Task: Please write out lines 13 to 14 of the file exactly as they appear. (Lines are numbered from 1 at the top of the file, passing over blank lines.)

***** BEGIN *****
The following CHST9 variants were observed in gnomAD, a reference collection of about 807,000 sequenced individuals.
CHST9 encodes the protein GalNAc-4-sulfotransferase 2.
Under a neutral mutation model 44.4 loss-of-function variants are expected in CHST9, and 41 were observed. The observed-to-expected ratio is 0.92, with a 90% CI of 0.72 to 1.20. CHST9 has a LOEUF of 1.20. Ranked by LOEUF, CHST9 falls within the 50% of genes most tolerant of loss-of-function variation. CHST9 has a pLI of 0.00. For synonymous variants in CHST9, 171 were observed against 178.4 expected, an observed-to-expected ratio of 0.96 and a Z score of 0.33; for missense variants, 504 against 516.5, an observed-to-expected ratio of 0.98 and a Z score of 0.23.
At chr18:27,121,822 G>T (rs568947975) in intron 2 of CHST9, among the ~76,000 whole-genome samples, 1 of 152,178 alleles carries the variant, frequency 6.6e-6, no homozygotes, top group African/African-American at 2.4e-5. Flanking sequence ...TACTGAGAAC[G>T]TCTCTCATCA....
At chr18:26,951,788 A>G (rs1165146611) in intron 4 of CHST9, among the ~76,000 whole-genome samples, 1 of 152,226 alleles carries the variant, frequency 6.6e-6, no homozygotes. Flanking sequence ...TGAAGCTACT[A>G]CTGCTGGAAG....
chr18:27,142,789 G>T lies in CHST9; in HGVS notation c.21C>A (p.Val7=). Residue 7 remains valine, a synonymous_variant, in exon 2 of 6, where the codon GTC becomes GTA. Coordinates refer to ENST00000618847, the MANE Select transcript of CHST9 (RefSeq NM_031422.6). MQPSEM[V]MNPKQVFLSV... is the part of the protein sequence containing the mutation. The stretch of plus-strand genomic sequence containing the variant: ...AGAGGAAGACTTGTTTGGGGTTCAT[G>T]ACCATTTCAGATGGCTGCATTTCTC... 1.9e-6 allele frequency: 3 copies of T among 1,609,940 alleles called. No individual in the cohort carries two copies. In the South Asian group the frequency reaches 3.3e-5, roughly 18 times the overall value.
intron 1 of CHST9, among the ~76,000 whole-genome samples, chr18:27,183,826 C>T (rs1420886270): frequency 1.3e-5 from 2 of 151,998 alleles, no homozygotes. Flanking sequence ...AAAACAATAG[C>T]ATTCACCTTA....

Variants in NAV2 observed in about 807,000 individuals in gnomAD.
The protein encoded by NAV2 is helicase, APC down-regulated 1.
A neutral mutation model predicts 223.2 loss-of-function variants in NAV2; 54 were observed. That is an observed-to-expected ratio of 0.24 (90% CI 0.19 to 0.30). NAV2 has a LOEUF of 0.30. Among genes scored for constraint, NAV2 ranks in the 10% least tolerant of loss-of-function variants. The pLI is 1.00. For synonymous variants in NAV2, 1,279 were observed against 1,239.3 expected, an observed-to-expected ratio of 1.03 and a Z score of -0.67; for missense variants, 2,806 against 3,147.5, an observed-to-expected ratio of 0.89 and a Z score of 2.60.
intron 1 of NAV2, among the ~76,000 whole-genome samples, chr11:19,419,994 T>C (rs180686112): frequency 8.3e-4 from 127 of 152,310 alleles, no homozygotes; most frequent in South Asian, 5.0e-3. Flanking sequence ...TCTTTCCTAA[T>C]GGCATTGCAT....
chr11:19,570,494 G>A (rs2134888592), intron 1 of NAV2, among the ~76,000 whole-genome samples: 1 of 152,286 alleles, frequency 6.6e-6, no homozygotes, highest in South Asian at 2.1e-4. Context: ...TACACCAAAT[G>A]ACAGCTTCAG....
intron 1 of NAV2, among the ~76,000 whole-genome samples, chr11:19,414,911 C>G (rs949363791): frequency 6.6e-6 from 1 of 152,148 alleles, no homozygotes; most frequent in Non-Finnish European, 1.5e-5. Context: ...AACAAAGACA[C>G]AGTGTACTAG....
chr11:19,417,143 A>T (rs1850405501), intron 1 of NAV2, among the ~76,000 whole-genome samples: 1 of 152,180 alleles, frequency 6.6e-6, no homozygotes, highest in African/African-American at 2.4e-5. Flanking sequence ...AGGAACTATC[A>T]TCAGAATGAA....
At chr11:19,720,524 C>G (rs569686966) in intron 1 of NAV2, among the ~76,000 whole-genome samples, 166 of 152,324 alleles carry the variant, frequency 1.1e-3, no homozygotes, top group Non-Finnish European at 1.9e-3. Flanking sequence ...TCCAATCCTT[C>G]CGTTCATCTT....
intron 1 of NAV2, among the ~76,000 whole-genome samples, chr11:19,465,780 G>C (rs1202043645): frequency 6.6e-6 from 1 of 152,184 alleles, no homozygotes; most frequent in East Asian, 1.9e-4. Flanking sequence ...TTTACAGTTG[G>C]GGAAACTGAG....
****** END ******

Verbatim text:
intron 1 of NAV2, among the ~76,000 whole-genome samples, chr11:19,414,911 C>G (rs949363791): frequency 6.6e-6 from 1 of 152,148 alleles, no homozygotes; most frequent in Non-Finnish European, 1.5e-5. Context: ...AACAAAGACA[C>G]AGTGTACTAG....
chr11:19,417,143 A>T (rs1850405501), intron 1 of NAV2, among the ~76,000 whole-genome samples: 1 of 152,180 alleles, frequency 6.6e-6, no homozygotes, highest in African/African-American at 2.4e-5. Flanking sequence ...AGGAACTATC[A>T]TCAGAATGAA....